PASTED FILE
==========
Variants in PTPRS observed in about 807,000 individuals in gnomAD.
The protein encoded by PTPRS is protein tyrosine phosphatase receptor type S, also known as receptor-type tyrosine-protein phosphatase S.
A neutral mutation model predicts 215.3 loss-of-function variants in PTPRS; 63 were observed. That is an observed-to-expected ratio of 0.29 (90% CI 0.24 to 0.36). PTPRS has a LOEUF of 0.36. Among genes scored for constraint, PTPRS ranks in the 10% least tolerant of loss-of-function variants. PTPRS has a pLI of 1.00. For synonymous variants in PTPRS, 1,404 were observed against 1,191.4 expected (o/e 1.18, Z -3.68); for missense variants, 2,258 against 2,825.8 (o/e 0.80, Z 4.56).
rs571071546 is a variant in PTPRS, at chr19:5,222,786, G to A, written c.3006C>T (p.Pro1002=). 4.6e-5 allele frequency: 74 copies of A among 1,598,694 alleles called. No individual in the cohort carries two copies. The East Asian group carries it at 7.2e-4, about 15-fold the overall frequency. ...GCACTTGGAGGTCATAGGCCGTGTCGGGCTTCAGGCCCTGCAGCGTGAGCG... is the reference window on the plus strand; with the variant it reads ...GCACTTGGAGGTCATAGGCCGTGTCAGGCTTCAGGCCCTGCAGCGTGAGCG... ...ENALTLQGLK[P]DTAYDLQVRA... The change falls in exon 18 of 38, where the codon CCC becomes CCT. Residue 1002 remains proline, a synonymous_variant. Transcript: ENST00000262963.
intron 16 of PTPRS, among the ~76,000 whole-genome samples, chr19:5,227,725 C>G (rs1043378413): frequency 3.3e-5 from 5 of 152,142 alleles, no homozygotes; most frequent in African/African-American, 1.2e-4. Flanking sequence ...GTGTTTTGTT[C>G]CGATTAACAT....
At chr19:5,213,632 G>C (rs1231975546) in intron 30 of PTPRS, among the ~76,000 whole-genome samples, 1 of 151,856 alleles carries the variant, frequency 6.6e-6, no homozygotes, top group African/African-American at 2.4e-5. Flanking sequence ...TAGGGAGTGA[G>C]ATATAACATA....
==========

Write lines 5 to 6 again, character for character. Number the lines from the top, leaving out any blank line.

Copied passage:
intron 16 of PTPRS, among the ~76,000 whole-genome samples, chr19:5,227,725 C>G (rs1043378413): frequency 3.3e-5 from 5 of 152,142 alleles, no homozygotes; most frequent in African/African-American, 1.2e-4. Flanking sequence ...GTGTTTTGTT[C>G]CGATTAACAT....
At chr19:5,213,632 G>C (rs1231975546) in intron 30 of PTPRS, among the ~76,000 whole-genome samples, 1 of 151,856 alleles carries the variant, frequency 6.6e-6, no homozygotes, top group African/African-American at 2.4e-5. Flanking sequence ...TAGGGAGTGA[G>C]ATATAACATA....